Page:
Dangerously tired

Fatigue played a major role in the quad bike accident that nearly cost Chris Biddles his life. Now he’s warning other farmers of the dangers of overwork.

Chris runs Te Atarangi Angus stud at Te Kopuru, south-west of Dargaville. The family has poured 36 years of hard work into the thriving 1,000 ha, 260 cow operation.

Earlier this year, Chris was due to have a total knee replacement. To make sure he could take time off to recuperate, he and the team decided to put in more hours over summer to get ahead.

“I wanted to set the farm up for when I was away, so we just worked and worked. I think we only had three days off – Christmas, New Year’s day and one other day when we went fishing. Other than that, we did really long hours. Toward the end of January, we were probably a month ahead of where we’d normally be, but I was exhausted.”

On the first of February, that was about to catch up with Chris in a big way.

“I was really tired and I knew I was tired, and because of that, I made a dumb decision. I was riding the quad along a ridge to the safe place I usually go down, but I went past it and tried another place. As soon as I put the nose of the quad over the hill I knew I was stuffed.”

“I whacked it into 4-wheel drive quickly, but it just flipped. Luckily it catapulted me off and I landed quite a bit in front. But the quad was coming down behind me so I was scrambling. Then it landed on my ankle. There was virtually nothing left of it, so it’s pretty amazing I’m walking now. I broke my shoulder in half as well.”

Fortunately for Chris, at this point, his luck took a turn for the better. He somehow managed to free his foot and crawl 35 metres uphill – halfway up he had to return to the quad to retrieve his radio telephone – to issue a mayday and get rescued by chopper. His ankle was painstakingly, but successfully, reconstructed during marathon surgery sessions.

Chris has recently been passing on his painful lesson at presentations for other farmers organised by Beef and Lamb.

“Fatigue is a huge risk. I remember being told at an ACC presentation years ago that ‘You’ll make a decision at 2pm on your quad if you’ve been riding all day, that you would not make at 8am in the morning.’ That proved to be so true.”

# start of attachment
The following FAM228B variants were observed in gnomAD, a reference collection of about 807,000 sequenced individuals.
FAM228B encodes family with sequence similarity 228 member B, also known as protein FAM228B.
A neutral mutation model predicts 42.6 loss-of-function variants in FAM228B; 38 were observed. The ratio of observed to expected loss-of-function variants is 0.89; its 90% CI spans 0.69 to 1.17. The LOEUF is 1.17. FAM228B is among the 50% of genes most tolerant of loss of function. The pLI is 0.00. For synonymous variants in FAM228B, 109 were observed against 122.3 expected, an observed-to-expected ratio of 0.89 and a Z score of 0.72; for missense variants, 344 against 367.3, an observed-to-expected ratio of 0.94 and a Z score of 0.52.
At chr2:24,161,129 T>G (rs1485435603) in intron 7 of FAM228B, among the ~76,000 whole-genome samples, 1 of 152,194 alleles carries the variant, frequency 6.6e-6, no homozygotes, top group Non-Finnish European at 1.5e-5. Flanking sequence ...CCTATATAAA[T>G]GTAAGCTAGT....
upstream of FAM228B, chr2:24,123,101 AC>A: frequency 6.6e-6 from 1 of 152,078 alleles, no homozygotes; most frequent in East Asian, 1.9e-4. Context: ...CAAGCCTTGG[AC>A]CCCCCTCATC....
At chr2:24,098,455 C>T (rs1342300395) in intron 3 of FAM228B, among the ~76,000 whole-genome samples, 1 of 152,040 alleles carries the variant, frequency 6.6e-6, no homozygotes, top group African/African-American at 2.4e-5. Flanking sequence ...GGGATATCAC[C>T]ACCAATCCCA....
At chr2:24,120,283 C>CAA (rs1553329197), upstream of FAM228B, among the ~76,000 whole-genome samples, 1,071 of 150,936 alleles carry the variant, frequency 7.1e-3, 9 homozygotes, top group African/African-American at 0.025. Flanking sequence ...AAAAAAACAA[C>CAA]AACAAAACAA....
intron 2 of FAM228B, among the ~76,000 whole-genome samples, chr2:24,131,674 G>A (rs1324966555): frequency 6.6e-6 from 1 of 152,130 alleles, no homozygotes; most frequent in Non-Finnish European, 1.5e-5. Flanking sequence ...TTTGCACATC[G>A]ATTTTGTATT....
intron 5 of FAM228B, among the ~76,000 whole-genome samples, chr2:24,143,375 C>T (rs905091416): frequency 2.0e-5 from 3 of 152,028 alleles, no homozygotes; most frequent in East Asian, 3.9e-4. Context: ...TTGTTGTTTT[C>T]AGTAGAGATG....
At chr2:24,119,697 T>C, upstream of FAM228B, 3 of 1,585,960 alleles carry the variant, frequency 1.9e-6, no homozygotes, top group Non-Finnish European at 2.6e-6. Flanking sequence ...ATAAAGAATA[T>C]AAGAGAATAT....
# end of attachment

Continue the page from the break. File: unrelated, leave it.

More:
Chris is not a risk-taker and prided himself on his safety practices.  A few weeks before his accident he’d gone to mow one of his hills after a long day and deliberately stopped the tractor and asked himself, ‘would I mow you at 8am in the morning?’ But a couple of weeks later when he got on the quad he says he was just too tired to stop and think.

“That’s the danger of fatigue,” he says. “You do something you wouldn’t normally do.”

Chris has introduced a raft of changes into his farming operation to avoid any chance of a repeat.

“We’ve reduced our working hours. We’ve got an extra person working for us. In our team meetings, we discuss people’s physical and mental state.  We now share that sort of stuff. And we simply don’t have the long days that we used to have.”

Chris says he’s been amazed at the number of farmers he’s met since his accident who’ve shared similar stories.

“The thing that’s absolutely shocked me is so many farmers have told me how they’ve rolled their quad and they tell me as if it doesn’t matter. People have got to wake up. It’s not funny or a matter of course if you roll a quad and walk away from it. You’ve got to ask, why am I making these dumb decisions? Don’t put yourself in that position.”

“I knew that I was tired. I’d sat with a mate a few days before and told him how tired I was, but I still didn’t consider the consequences. This is a busy time of the year, so if you realise you’re overworking you need to sit down with a cup of coffee and ask yourself, ‘If I keep doing everything the way I am, am I putting myself and other people at risk? Do I need to slow down?’”

Chris isn’t one to sit around feeling sorry for himself, but says the accident made him reflect on the potential consequences for others.

“I really worry about how everyone would have got by if I was dead. When I was in the hospital, we ran into water problems, and I was sitting on the phone telling them what they needed to do and I thought, ‘what would they do right now if I wasn’t here?’”

Despite the accident, Chris’ love of farming remains undiminished. “I love the challenge of farming. Every day’s different. I want to continue farming well into my 70s, but I need to work out how to do it physically. I’m still hoping to get back to a reasonable state of work, but I’ll never be what I was. I’ve got about 95% of my shoulder use back. As for the ankle, I’ll probably be spending the next 12 months to two years working out what’s best.”

“But I realise I was incredibly lucky to survive. I guess, someone, somewhere must’ve just thought, ‘this guy hasn’t pissed off enough people in his life yet, we need him to hang around a bit longer’.”

Farmstrong is a rural wellbeing programme that helps farmers and farming families live well to farm well. To find out what works for you and ‘lock it in’, check out our farmer-to-farmer videos, stories and tips on www.farmstrong.co.nz.



Sign up for the Farmstrong newsletter